On the wall of the dingy third-floor office here of the opposition New Korea Democratic Party, a two-day-old telegram is proudly displayed.
It is addressed to the party's local candidate for the National Assembly, Kim Nok Young, and reads:
"I pray for your sure election and for the victory of free democracy and national reunification." It is signed Kim Dae Jung.
Here perhaps more than elsewhere, Kim Dae Jung remains a force in South Korean politics. He does it without leaving his house in Seoul, where he has been confined by police since his return from exile last week.
Kim formerly represented a district in South Cholla Province, which is at the southern reaches of the Korean peninsula. Kwangju is its capital and Kim's, too.
Kim Nok Young's prediction for a victory began to come true Wednesday morning as returns showed him leading his government party opponent. The New Korea Democratic Party candidate in a second Kwangju district was also winning, with 70 percent returns counted.
Following Kim Dae Jung's arrest on sedition charges in 1980, a street insurrection against the government erupted here, leaving hundreds of people dead.
In other parts of South Korea, Kim's followers see him as a force for democracy, the most effective opponent of President Chun Doo Hwan, a former Army general.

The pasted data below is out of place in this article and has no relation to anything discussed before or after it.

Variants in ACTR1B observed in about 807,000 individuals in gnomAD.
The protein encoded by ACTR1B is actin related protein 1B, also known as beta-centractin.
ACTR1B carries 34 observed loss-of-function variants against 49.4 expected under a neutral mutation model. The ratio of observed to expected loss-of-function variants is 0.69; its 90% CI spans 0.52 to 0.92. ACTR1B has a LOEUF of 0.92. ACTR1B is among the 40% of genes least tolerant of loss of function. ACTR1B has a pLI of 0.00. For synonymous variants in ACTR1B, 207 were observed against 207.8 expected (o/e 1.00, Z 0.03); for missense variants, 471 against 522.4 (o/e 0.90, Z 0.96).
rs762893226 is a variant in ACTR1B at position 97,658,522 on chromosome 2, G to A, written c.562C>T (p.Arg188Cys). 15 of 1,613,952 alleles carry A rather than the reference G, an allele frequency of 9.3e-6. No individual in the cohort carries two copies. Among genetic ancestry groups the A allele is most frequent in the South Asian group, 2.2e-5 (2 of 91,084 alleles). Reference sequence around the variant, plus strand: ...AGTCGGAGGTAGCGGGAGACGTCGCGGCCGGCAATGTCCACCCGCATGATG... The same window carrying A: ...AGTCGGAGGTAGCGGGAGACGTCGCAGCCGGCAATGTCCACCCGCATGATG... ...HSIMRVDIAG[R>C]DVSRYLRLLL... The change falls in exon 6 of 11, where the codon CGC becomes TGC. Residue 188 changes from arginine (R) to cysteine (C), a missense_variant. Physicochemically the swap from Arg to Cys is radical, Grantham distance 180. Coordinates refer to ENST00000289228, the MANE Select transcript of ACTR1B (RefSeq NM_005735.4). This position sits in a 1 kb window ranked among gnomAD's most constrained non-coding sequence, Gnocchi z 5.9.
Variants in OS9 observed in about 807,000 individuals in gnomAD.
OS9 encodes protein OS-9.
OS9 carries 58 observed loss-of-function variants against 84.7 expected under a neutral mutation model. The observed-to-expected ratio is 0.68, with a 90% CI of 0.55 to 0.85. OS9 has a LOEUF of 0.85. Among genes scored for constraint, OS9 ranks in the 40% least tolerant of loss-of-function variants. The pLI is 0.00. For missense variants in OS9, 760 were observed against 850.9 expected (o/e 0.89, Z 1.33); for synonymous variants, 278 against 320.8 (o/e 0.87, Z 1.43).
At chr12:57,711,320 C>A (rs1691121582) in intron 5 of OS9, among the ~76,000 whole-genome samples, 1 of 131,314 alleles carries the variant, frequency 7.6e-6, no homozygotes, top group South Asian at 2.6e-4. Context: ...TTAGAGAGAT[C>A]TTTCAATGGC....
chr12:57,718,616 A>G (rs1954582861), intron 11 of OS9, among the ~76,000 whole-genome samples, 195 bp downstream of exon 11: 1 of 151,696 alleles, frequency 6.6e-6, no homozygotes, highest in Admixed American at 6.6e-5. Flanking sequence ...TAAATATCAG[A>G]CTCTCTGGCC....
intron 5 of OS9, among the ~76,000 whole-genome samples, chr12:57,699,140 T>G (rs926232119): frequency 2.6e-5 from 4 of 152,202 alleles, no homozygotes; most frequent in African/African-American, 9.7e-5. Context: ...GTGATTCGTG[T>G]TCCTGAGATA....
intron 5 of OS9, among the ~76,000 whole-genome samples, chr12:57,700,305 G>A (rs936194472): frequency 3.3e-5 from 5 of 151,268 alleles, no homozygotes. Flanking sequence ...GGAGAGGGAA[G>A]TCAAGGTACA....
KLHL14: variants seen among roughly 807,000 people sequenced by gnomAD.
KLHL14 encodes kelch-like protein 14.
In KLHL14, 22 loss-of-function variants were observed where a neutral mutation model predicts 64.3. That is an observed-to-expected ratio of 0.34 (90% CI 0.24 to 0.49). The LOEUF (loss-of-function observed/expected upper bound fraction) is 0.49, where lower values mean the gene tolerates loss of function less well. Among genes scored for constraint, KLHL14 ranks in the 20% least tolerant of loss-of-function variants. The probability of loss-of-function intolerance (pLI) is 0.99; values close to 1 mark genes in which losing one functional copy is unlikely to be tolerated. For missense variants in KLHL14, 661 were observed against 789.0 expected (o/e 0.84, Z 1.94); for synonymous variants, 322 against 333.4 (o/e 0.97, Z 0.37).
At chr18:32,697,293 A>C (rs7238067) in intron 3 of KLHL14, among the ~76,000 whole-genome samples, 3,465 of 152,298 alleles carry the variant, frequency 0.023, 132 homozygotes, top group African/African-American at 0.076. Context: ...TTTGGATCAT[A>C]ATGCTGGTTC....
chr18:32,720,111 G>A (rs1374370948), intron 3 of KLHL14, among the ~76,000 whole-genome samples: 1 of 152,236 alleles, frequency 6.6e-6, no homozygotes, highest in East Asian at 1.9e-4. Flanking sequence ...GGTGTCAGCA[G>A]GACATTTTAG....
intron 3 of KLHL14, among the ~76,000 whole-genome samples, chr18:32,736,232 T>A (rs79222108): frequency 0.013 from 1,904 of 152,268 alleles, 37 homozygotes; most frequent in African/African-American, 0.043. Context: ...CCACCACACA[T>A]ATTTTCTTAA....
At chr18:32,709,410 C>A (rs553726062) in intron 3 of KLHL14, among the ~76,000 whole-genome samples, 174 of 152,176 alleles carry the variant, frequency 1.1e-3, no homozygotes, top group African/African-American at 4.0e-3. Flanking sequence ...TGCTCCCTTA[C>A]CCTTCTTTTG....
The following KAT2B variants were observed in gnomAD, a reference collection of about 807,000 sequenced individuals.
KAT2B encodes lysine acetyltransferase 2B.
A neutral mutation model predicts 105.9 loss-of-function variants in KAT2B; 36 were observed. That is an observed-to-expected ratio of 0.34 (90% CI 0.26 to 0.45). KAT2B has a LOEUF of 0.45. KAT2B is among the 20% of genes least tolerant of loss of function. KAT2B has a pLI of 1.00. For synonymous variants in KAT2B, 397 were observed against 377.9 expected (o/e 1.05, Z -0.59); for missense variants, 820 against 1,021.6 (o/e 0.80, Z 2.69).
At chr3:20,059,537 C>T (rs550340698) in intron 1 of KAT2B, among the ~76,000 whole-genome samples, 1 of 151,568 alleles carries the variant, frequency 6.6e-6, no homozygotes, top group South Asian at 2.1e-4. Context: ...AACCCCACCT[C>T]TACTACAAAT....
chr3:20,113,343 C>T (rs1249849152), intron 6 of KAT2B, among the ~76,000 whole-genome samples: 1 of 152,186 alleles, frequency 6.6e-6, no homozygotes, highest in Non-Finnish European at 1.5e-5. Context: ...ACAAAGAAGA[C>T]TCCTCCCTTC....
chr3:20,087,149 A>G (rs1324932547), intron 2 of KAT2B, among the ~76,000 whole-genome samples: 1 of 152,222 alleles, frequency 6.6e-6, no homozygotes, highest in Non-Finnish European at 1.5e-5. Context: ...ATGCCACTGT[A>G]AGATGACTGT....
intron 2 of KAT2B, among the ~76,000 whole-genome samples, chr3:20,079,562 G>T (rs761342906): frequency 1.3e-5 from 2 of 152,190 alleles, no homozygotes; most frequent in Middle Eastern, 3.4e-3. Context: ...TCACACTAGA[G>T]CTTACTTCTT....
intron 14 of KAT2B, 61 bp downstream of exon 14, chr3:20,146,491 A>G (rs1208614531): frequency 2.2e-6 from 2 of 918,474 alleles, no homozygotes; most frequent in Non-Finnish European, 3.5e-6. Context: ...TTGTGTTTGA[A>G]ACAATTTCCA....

Here, he is seen more as a local boy made good, a strong voice for a province that feels it has suffered at the hands of the Seoul bureaucrats for hundreds of years.
Chun was born in south Kyongsang Province across a chain of mountains from Cholla, as was former president Park Chung Hee. People here complain that development projects have tended to go there, although Chun has pledged to correct that.
Candidate Kim Nok Young was banking on his long association with Kim Dae Jung to come in first in voting for a new National Assembly. The district elects two candidates.
Leaflets include a picture of Kim Nok Young in prisoner's garb, taken after he was arrested at the same time as Kim. His party workers tried to erect a street banner welcoming Kim home but say that police ordered them to take it down.
"Many people believe Kim Dae Jung plus Kim Nok Young equals opposition," Kim Nok Young said, explaining in an interview his vote-gathering appeal.
Across a busy intersection from Kim Nok Young's headquarters is the office of the ruling Democratic Justice Party of President Chun.
The opposition group makes do with shabby furniture, cement floors and cheap plywood walls. The ruling party has comfortable sofas, lavish pictures on the walls and much more space.
The staff of the ruling party recognizes it is working in a dissident stronghold, but maintains that allegiances are shifting and ruling party candidate Lee Young Il will do well. "Many of them have changed their minds and turned to the government party," says government campaign worker Min In Sang. "They have come to believe he is a capable man."
The New Korea Democratic Party, one of three major opposition parties on the ballot, is calling for direct election of the president and an investigation of the 1980 Kwangju killings.
The government party promises to upgrade Kwangju's adminstrative status, giving a promotion to city officials and raising the annual budget by about half a million dollars.